I love efficiency. By nature it is the virtue I value most in myself. I have a collection of time management books I come back to each year. I love life hacks, shortcuts, any tips that promote efficiency. I just love to do.
In preparation for a seminar on productivity, I turned to the Bible, to root my thinking in what God says. And although there is some mention of productivity, for example in Proverbs 6 the instruction to be like the hard-working ant, rather than being lazy, time and time again I kept coming up against these rather disturbing passages…
Psalm 127 Unless the LORD builds the house, its builders labour in vain. Unless the LORD watches over the city, the watchmen stand guard in vain. In vain you rise early and stay up late, toiling for food to eat– for he grants sleep to those he loves.
John 15v5 I [Jesus] am the vine; you are the branches. If you remain in me and I in you, you will bear much fruit; apart from me you can do nothing.
I read stories like the Exodus from Egypt in Exodus 14v13-14, where Moses is commanded: “Do not be afraid. Stand firm and you will see the deliverance the Lord will bring you today. The Egyptians you see today you will never see again. 14 The Lord will fight for you; you need only to be still.”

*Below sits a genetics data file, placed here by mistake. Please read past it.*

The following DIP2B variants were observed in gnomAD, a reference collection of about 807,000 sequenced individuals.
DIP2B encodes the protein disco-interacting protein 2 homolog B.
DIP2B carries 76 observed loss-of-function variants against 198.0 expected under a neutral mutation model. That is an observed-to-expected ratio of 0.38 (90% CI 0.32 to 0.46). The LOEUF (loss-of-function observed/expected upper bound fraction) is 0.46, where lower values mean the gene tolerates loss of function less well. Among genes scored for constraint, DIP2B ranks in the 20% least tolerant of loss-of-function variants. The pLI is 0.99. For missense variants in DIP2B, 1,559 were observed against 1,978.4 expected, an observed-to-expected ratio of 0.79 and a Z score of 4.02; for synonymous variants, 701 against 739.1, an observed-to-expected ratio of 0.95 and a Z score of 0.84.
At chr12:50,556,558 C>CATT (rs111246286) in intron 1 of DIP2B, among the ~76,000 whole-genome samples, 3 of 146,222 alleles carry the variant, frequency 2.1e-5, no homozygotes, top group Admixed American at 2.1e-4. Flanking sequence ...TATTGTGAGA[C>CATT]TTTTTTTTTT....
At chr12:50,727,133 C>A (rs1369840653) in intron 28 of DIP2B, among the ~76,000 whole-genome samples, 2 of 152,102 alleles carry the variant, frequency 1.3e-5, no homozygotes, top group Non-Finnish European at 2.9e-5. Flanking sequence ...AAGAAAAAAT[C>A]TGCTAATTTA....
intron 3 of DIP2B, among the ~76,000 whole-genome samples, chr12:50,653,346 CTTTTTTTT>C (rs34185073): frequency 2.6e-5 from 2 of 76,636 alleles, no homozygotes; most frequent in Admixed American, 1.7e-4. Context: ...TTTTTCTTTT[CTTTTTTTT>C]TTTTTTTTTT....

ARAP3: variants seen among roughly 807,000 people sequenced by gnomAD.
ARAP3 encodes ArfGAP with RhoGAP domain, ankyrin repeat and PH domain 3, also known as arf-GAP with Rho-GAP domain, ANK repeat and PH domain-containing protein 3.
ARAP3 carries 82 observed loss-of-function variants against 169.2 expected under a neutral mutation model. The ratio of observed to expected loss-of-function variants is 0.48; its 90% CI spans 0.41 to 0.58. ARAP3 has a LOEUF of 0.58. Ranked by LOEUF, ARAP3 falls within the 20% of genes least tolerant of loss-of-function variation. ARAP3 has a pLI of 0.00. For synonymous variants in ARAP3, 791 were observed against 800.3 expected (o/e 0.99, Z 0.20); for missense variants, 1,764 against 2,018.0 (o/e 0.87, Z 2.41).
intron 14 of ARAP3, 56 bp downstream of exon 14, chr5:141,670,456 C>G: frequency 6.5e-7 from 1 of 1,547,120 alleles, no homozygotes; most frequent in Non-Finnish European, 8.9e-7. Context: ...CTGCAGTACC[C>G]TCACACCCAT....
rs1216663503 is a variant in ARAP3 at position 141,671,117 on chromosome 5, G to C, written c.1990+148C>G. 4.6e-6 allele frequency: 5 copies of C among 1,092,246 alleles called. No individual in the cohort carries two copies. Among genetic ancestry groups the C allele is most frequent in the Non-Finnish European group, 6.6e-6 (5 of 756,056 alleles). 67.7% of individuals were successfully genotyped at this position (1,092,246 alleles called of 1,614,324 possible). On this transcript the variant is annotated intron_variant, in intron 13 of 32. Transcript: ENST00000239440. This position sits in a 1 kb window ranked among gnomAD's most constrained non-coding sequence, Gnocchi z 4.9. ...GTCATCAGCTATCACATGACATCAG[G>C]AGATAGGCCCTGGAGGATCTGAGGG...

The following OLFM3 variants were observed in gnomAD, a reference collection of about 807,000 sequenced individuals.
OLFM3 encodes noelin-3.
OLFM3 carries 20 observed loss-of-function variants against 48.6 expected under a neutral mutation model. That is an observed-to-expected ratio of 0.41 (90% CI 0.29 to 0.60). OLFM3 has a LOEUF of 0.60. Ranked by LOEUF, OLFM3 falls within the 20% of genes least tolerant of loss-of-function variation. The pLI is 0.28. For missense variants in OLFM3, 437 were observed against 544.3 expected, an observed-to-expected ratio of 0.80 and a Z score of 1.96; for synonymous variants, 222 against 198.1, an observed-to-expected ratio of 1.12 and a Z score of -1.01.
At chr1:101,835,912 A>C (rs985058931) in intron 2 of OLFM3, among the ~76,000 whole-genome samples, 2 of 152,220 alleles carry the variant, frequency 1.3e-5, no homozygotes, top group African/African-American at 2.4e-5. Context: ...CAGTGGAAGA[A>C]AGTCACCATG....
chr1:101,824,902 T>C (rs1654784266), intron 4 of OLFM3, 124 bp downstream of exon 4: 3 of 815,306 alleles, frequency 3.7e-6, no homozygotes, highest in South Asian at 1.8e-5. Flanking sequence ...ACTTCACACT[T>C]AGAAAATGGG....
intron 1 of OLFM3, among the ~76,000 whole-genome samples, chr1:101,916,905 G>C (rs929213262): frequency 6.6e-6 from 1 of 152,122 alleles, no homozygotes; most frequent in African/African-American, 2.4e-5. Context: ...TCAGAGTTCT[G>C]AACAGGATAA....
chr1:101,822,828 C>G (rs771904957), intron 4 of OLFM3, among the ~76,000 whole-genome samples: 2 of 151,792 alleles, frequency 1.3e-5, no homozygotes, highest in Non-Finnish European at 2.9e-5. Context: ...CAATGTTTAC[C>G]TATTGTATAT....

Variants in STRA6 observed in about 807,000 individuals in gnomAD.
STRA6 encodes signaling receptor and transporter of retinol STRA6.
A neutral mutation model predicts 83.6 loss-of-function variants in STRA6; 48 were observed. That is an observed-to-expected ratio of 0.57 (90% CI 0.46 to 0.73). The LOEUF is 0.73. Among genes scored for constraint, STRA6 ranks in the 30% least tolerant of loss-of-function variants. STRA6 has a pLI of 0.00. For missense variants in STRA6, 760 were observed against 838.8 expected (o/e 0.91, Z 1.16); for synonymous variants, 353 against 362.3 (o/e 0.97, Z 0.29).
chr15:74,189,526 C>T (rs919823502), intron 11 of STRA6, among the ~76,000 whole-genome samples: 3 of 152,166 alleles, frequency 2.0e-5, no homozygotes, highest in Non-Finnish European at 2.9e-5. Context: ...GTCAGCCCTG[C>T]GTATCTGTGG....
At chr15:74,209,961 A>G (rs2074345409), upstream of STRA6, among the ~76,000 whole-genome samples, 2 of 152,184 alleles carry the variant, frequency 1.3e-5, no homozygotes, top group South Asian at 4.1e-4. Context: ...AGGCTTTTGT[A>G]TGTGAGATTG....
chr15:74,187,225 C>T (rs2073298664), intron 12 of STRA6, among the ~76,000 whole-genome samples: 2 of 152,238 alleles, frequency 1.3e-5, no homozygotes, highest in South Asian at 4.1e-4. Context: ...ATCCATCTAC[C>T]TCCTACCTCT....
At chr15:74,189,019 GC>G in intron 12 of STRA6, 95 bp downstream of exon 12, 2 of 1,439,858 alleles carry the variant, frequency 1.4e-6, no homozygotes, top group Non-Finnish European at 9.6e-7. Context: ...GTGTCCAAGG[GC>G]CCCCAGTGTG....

I thought back to our previous church and wondered, really who were the most “efficient” people in our church? I actually believe it may have been frail old Daphne Morrison in her 90s, who just loved to pray.
True efficiency is not found in me building, but in humbling myself, praying and asking that the Lord would use me to build his house.
The irony is that even the bestselling secular authors, would agree that “If your ladder is not leaning against the right wall, every rung you climb gets you to the wrong place faster” (Stephen Covey). They just can’t see that their ladder is not leaning against God’s wall and so ultimately their plans will come to nothing. Leo Tolstoy, one of the most successful authors of all time had to face up to this, famously asking the question: ‘What meaning has my life that the inevitability of death does not destroy?’